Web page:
I think this is especially relevant to grief because almost everyone will experience the death of a loved one at some point in their lives, but people often get caught up in thinking about how their experiences differ. Take WYG for example, we often talk about how grief feels different for everyone and no two people grieve in the exact same way.  We also often hear people comparing their losses, measuring their suffering against another, or saying, “no one understands me (us)”. 

While we don’t deny the fact that no one can fully understand another person’s pain, my question would be, what purpose does focusing on these differences serve other than to further isolate and separate? When we focus on our common humanity we see that, although I don’t know the depths, colors, and shapes of your pain, I do know that you are suffering because I have suffered too.


3. Mindfulness:

I won’t dive too deeply into mindfulness because this is a bigger concept, but we’ve written about it here.  Mindfulness fits into the bigger picture of self-compassion because one must be present with their experiences and emotions in order to offer themselves kindness and compassion. Just like the friend who runs away at the first sign of a tearful lip quiver, if you can’t be present with your own grief, then how can you acknowledge it and offer yourself understanding?


 

Well, I’ve managed to use up all our time talking about the concept of self-compassion without offering you any actual tools.  That’s okay, another post for another day.  In the meantime, I want to challenge you all to show yourself kindness and compassion by following the (very simple) acronym below.

B – Be kind to yourself. We’ve already discussed this one.

R – Respect your body by not overindulging alcohol, drugs, and bad food; by getting enough sleep, and by moving around at least a little every day.

E – Engage with others in big and/or small ways. We’re not asking you to bloom into a social butterfly or anything. Just try not to isolate. If you haven’t been around other people in a while, go to the local coffee shop or go out for a walk and wave to your neighbors.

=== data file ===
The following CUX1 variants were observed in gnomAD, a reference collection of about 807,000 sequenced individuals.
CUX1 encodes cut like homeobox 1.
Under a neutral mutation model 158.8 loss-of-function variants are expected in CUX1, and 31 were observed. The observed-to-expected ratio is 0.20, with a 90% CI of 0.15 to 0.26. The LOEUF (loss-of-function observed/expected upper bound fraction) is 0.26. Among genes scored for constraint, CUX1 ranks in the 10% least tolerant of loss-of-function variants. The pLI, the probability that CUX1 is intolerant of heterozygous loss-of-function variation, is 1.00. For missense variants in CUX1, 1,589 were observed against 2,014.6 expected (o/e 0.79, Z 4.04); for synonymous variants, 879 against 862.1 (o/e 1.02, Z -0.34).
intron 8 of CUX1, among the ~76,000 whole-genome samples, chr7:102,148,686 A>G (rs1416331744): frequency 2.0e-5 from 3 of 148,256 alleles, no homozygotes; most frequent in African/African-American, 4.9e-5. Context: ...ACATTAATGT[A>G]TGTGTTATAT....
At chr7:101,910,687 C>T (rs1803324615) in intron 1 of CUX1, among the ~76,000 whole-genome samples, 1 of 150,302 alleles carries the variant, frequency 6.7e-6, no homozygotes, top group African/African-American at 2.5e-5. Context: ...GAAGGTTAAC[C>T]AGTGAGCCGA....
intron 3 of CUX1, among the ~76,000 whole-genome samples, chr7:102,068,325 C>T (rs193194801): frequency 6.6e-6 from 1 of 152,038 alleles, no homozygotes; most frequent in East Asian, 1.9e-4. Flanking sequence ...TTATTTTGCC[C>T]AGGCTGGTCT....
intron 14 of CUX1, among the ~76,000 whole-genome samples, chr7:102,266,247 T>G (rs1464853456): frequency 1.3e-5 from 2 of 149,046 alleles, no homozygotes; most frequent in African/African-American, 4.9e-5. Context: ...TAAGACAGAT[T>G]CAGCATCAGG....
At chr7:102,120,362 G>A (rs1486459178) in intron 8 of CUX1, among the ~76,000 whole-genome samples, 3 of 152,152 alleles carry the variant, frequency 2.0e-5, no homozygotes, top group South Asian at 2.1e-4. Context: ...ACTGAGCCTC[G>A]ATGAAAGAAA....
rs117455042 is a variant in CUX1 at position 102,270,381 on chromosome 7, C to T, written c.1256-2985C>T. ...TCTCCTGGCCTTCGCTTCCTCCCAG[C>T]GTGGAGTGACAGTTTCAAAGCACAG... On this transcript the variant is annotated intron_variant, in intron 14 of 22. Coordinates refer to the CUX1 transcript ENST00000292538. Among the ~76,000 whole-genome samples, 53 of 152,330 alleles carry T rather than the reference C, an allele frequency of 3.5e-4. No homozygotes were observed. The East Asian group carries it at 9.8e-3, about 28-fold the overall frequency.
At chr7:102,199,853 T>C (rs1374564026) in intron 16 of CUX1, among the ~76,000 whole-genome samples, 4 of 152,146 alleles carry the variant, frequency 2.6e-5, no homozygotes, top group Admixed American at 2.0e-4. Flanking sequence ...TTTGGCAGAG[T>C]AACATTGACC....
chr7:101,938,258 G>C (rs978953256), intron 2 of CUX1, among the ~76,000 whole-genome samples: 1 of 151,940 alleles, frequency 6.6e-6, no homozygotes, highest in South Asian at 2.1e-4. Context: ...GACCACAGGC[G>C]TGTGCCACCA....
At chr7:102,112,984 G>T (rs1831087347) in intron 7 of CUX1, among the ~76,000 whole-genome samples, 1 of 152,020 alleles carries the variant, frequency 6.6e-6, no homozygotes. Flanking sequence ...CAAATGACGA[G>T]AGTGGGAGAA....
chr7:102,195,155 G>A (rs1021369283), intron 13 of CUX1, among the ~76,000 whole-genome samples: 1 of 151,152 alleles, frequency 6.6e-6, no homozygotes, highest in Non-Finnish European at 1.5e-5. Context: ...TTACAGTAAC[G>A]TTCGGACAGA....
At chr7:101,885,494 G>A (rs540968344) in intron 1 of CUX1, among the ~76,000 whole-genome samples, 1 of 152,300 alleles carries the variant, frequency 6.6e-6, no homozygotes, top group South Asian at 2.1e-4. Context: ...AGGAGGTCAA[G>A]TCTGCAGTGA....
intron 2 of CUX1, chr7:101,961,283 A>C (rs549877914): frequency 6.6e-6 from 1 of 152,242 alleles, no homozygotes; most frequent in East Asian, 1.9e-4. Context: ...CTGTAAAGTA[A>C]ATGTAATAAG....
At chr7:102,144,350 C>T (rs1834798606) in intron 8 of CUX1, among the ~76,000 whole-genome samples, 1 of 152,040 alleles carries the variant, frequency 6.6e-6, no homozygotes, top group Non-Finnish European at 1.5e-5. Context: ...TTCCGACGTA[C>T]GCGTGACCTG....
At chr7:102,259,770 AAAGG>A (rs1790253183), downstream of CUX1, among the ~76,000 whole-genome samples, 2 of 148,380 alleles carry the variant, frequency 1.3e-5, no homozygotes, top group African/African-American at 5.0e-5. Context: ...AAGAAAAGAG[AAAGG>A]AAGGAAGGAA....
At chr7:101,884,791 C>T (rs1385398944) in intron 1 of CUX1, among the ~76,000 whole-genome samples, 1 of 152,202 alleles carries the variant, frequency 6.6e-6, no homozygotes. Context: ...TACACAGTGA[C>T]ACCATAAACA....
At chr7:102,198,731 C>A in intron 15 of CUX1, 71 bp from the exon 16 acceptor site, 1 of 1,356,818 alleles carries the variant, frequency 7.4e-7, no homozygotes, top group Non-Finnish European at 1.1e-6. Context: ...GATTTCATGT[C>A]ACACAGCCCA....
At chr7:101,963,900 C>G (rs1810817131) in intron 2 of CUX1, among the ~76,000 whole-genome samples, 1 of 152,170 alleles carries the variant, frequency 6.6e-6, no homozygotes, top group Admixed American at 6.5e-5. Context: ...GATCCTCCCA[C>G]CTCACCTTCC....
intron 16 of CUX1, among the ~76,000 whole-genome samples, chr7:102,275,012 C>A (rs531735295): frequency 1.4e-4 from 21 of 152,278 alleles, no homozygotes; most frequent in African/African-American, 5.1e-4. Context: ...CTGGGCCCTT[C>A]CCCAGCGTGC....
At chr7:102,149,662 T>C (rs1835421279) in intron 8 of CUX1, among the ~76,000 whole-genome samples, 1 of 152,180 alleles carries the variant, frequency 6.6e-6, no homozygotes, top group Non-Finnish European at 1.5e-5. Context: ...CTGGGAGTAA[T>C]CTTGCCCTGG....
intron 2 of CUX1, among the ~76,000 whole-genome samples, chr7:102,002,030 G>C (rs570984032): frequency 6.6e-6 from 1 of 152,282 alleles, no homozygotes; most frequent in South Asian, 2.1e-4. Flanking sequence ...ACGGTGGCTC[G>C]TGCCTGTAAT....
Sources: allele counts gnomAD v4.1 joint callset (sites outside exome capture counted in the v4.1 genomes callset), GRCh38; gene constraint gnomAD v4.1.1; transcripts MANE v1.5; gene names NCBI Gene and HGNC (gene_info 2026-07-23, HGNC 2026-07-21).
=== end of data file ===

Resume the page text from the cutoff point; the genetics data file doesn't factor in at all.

A – Allow your emotions to ebb and flow. Don’t run from them. Expect that grief emotions will bubble up, their intensity will rise, and they will wash over you and recede.

T – Take life one minute, hour, and day at a time. The enormity of what it means to live life without your loved one is overwhelming, but remember that coping with grief is something that happens bit-by-bit and day-by-day

H – Allow yourself space and time to remember, honor, and to connect with your loved one’s memory and their continued impact on the world.

E – Your critical voice has a lot of expectations about what grief should be like and how you should cope. Remember, there are very few “shoulds” when it comes to coping with grief.  Everyone copes in their own way and at their own pace.  So give yourself a break. 

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Let’s be grief friends.

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69 Comments on "The Need for Self-Compassion in Grief"

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  1. Linda Davis  March 3, 2020 at 5:08 pm Reply

    I am so thankful for this site, and the people who share their stories! BREATHE, will be high on my check list, of what I do or don’t do on a regular basis! It touches on some of my own recent comments, in a big way! I am very self-critical, for starters, always have been, but, in grief it becomes unmanageable at times! I have been writing in my journal, in a manner, like a woman facing her final hours, and I have to get all my feelings out! I wish I could say this as simply as I see it in my mind! I’ll try! I am holding so much anger and resentment inside. I know who it’s towards and why (in a way)! Now, here it is. I have accepted behavior towards me, that has been less than respectful. I have let this happen, due to my own self criticism. I have been tolerant and even caring, only to be put to the back of the line, again! It has brought up these old inferior feelings, except now, they are charged with all this anger and resentment. I’m still very much a grieving mother, yet I let these other feelings get into my tormented mind, things like, maybe I’m just not likable, maybe I deserve all the grief that has come my way, maybe I can never be happy again, or worse I don’t deserve to be happy! When I’m writing it does help, hence the urgency, when I’m having a particularly bad episode. I have pretty much isolated myself, in many ways, but, this site offers help and encouragement to try things, that may help reduce the anxiety of just living day to day! Being aware that I’m withdrawing from those around me, I try to take steps to combat that. Sometimes, I’m even successful! Sorry, this got longer than intended! Thank you, all, for sharing it really does help. New perspectives!

  2. Jo  January 9, 2020 at 10:01 am Reply

    Especially in response to Steve. I am at the other side of 12 years since my daughter died. I gently say to you to let go of expections regarding the length of time that is appropriate to grieve. We all grieve differently. For me, it has taken years to get to the point where I don’t cry every day. Doesn’t mean I don’t live my life. It just means that the hole in my heart has taken years heal. I heard a saying I think yappropriate:

    We never get over it. We just get through it.